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The Players Ball by David Kushner
Narrative nonfiction

The Players Ball

by David Kushner

Quick take

The frisky story of the internet, the rise of digital porn, and the advent of online dating.

Why I love it

Siobhan Jones
BOTM Editorial Team

At BOTM, we believe that nonfiction should read like fiction. Sure, there’s a lot of content out there that we all should know. But that doesn’t mean it needs to be boring, overly wordy, or reminiscent of history class. That’s why we’re constantly on the lookout for real stories that are fast-paced, hard-to-believe, or just plain entertaining. In essence, we like when the truth is stranger than fiction.

The Players Ball is one such tale. Reading it will give you a sharper understanding of the rise of the internet, before Tinder was a multibillion dollar company, and domains like could still be bought (or stolen). But this book is so much more than a deep dive into the days of dial-up. It’s a knock-down-drag-out story of all-out war between two entrepreneurs: Gary Kremen, the inventor of online dating, and Stephen M. Cohen, a shrewd conman with a penchant for the Hugh Hefner lifestyle.

This book, a microhistory about the early days of digital, will teach you a thing or two about VC funding, cybererotica (yes, that’s a real word), and intellectual property. It will also provide you with a handful of gossipy anecdotes about two rowdy businessmen who make today’s crop of tech bros look like straight up gentlemen. Don’t miss this wild ride.

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In 1994, visionary entrepreneur Gary Kremen used a $2,500 loan to create the first online dating service, Despite only 5 percent of Americans using the internet at the time, Kremen insisted his invention would transform our lives. That wasn’t all he accurately predicted. He also anticipated that internet addresses, or domain names, would be the bedrock of the dawning digital frontier, eventually gathering the same kind of value as real estate properties. So, while his friends thought he was crazy, he bought dozens up, including the domain Love and lust, he believed, would fuel this new world to new heights. But in 1995, as Kremen prepared to launch his next venture, he was shocked to learn that someone named Stephen Michael Cohen had stolen the rights to the name and was making millions that Kremen had never seen.

In The Players Ball, award-winning journalist David Kushner draws from years of research and interviews to vividly recreate the Wild West years online, when innovators and outlaws battled for power and money. He explores the risks, rewards, challenges, and back alleys of how the world online came to be and provides essential insights about where it’s heading. The Players Ball is the rollicking true story of a decade-long cat-and-mouse game between a genius and a con man that changed the way people connect, and defined the digital age.

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Get an early look from the first pages of The Players Ball.

Member thoughts

All (142)
All (142)
Love (24)
Like (85)
Dislike (33)
148 ratings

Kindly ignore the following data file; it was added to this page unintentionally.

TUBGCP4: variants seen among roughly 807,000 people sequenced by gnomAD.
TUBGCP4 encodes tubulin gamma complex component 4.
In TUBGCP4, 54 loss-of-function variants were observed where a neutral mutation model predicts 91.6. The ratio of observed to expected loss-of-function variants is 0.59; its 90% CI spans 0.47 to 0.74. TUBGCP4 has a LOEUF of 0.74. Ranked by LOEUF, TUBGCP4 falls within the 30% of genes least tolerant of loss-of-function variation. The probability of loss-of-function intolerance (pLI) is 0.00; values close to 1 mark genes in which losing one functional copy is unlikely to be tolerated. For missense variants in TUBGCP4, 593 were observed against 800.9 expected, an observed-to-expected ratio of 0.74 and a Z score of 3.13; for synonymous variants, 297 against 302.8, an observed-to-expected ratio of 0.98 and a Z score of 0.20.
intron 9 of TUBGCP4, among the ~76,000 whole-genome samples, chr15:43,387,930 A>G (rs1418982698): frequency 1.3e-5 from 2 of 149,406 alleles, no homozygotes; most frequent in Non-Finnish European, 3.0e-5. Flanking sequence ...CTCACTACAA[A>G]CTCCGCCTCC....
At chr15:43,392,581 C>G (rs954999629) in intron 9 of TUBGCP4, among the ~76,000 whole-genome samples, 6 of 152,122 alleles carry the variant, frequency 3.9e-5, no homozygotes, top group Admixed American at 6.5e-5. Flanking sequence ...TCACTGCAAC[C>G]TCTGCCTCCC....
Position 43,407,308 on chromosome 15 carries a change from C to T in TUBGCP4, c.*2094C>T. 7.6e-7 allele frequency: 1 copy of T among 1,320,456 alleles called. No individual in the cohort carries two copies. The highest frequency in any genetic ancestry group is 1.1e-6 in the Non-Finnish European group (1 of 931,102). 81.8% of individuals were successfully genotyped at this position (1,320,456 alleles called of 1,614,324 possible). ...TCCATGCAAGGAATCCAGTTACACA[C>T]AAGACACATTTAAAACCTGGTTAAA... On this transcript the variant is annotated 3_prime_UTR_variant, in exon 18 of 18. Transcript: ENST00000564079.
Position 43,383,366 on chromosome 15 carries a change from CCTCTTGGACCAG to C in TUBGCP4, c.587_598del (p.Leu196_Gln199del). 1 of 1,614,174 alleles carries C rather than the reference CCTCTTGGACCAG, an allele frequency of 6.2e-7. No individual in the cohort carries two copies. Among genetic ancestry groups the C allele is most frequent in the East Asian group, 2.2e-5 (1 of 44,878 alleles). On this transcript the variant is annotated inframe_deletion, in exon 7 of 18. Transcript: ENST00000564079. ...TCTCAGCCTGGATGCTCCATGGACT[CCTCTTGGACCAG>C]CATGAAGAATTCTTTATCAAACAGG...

• 16% Love
  • 57% Like
  • 22% Dislike
  • Greenwich, CT

    Fascinating insight on the rise of the internet! I learned so much and cannot believe that these guys spent so much time, energy, and money fighting over the domain. Egomaniacs!

  • North Robinson, OH

    I found this an interesting book. It was “educational” but light at the same time. This is the kind of history I really enjoy!

  • Brooklyn, NY

    Very informative. Their disputes were interesting

  • Punta Gorda , FL

  • San jose, CA

  • San Francisco, CA

  • Elgin, IL

  • New York, NY

  • Ray, ND

  • Marina del Rey, CA

  • Paradise Valley, AZ

  • Little Rock , AR

  • Mount Carmel , PA

  • Atlanta, GA

    There are a ton of typos and mistakes, to the point that he says Kremens freshman year at standford when he was 19 in 1982 but he means his first year of his MBA at Stanford when he was 26 in 1988.

  • Peachtree Corners, GA

    The books moves along quickly and simplifies the history of the internet and evolution of ownership laws. The characters are outlandish and some language seems more for shock than moving the story

  • Lexington, KY

    I enjoy reading tech, genius and crime! Reading some of the history of the internet was good and not too in depth. Con men/liars are interesting but not on the receiving end. Passing on to friend.

  • Austin, TX

    Interesting to read the story behind the rise of the internet. Being born in the 90s internet was almost always available somehow so it was thought provoking to see behind the scenes.

  • Somerville, MA

    Definitely could have been shorter as there were pieces of the story that didn't feel relevant. Overall it was a good book about the history and structure of the internet

  • Berwick , PA

    Pretty interesting read about the rise of the internet. I learned things I never knew about the beginning of the internet era. Informative but not boring.

  • Waban, MA

    This was interesting, but it felt rushed and shallow. I wish there had been better editing and a more in depth story. But it was a quick, fun read.

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